I have been having trouble getting to meetings with any regularity for some time now.
My list of excuses has three main themes. Together they form a set of ideas that have real power to keep me away from meetings. The reality is that this is just silly drivel that seemingly justifies not getting myself out of the house and into the proverbial chair I have paid such a high price to earn.
Here are the big three:
- I don’t know many people/meetings here – I moved to my present house about 9 months ago but have been coming and going (foreign and domestic trips, from months to weeks at a time) so much that I still feel like I just moved here.
- I am so busy – My main work, my upcoming marriage, developing my own business.
- My back issues – It had been real uncomfortable, for much of the time I have been in my new home location, to get around and even to sit down.
All of this may be true but it is pretty weak. I am a drunk and if I want to remain a sober one then my alcoholism and God need to be my two biggest priorities. One outward sign of this commitment to keeping- my-ducks-in-a-row is attending meetings. Going to meetings is really so easy – it should be a no brainer. It can also serve as a serious underpinning of supporting so many other things I can do to maintain my sobriety. Meetings will of course not keep me sober but can help me, and allow me to help other people, in a a myriad of ways.
Another part of this is how easy it truly can be for me to get to a meeting where I now live. I am just outside of a major U.S. city. There are many meetings within miles of my house that are taking place morning, noon, and night.
One of my old sponsees, now living in another part of the country, pointed something out to me about my not attending many meetings. He said I was able to begin to help him because I consistently attended my home group. After watching and listening to me this fellow showed up at that meeting one day and asked me to sponsor him. If I wasn’t there I never would have been given the gift of helping to take him through the steps, to see him get sober, and to remain a part of his still improving life. I know from experience with him and with others that being so deeply involved in someone’s recovery is one of the most gratifying experiences I can have. So why go to few meetings and decrease my chances of connect with new people?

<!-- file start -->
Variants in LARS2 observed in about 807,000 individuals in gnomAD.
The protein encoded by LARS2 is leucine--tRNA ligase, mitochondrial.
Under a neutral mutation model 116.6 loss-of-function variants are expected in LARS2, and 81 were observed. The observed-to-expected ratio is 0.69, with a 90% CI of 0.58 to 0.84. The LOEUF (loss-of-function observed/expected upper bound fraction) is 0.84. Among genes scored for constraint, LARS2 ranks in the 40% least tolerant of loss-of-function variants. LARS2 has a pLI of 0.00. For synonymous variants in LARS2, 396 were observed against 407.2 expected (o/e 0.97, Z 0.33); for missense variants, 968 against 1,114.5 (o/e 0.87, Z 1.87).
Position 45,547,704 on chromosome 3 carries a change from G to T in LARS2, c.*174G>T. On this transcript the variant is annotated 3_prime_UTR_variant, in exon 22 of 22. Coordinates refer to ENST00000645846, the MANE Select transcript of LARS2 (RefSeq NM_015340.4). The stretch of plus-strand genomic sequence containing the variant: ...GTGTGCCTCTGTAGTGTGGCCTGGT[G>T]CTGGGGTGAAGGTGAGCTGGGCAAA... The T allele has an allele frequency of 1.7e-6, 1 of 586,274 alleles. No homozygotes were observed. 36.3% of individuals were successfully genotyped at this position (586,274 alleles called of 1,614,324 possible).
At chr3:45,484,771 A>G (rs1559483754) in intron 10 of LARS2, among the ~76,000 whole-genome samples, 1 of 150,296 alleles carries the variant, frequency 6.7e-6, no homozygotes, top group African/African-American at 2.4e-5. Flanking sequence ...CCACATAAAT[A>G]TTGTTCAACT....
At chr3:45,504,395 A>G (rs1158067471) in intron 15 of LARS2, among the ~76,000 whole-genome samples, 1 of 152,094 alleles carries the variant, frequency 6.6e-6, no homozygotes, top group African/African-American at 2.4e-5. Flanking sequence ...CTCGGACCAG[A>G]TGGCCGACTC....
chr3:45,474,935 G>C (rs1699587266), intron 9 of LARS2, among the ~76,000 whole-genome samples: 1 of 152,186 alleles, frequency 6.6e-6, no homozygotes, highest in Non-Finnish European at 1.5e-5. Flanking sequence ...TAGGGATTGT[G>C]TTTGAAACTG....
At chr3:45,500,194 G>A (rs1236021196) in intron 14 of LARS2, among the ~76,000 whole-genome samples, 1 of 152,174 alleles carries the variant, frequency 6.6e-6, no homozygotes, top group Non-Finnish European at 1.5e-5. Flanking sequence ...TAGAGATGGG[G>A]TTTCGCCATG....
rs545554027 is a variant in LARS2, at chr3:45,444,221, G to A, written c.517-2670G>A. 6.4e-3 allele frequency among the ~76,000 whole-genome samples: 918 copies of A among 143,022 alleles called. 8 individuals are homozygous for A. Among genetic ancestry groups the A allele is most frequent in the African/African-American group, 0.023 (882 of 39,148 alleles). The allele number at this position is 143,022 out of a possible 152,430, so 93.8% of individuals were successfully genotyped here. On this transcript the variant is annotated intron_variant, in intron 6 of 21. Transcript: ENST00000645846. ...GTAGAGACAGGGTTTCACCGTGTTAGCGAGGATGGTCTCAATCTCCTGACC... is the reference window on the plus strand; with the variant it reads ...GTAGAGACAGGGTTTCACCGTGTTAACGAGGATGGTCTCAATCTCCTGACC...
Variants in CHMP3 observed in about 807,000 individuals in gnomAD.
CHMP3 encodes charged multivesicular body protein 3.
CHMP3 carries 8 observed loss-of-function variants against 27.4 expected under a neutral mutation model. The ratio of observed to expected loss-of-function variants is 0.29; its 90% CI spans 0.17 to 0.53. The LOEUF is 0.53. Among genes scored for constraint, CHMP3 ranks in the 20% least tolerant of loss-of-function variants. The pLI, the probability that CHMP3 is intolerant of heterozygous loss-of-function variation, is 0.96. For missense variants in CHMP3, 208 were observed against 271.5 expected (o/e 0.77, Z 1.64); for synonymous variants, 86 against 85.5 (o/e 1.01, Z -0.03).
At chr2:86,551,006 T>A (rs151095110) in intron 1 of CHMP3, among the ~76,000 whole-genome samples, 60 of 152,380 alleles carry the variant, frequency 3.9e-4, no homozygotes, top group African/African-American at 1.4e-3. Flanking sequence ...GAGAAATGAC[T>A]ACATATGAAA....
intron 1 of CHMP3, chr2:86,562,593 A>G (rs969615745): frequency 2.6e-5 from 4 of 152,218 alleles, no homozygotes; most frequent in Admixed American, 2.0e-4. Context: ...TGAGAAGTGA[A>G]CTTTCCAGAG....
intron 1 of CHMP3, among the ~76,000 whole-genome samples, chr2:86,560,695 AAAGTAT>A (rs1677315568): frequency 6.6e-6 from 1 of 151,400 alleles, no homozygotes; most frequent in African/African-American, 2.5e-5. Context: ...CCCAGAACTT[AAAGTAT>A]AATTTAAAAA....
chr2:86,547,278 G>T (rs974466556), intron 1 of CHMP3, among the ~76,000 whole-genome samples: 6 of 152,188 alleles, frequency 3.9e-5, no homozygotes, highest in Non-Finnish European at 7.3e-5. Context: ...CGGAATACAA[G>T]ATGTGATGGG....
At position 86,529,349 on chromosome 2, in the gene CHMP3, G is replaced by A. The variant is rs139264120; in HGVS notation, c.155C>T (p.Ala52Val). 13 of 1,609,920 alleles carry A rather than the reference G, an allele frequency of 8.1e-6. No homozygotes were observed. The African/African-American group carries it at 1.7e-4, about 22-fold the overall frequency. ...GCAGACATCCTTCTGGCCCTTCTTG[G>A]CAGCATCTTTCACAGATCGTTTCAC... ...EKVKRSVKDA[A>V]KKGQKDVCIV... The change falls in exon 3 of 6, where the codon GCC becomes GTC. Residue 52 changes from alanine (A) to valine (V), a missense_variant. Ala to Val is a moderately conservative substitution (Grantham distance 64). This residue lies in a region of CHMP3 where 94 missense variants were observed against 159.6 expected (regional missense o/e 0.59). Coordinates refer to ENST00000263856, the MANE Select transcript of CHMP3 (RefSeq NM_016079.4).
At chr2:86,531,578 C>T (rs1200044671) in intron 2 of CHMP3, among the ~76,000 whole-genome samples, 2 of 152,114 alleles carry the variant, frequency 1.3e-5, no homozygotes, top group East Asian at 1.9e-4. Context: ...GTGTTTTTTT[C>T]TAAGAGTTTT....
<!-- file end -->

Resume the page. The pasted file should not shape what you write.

Another aspect of this is I need to be much more active in getting out to help others. It is one thing to be at meetings and somewhat passively attract others to the idea of being sober. The steps have taught me I need to be proactive in spreading the news about recovery from alcoholism. I need to get plugged into and become part of that group of local AA folks that are doing the real AA footwork – going out on the front lines of alcoholism, as the big book puts it. I’ll come across these dedicated people at meetings. They are not going to show up at my doorstep while I’m sitting at home working on my next big project.
So let this post serve as a warning and sounding shot – to me! Get off my rump and go claim my seat. Find out who I need to be around to best position myself to find the next poor drunk that needs God to work through me (or perhaps that poor, newly sober bastard needs to teach me a thing or two!). Get back in a position to be able to tell folks what this program of action has to offer. Find more like minded friends and once again be a part of a fellowship I enjoyed in those places where I was more a part of AA, rather than the newly sober drunk or the new guy in town.
Last week was a good start. Three meetings, rather than one or none. I need to build on that but realize a new week is beginning. The here and now is what matters.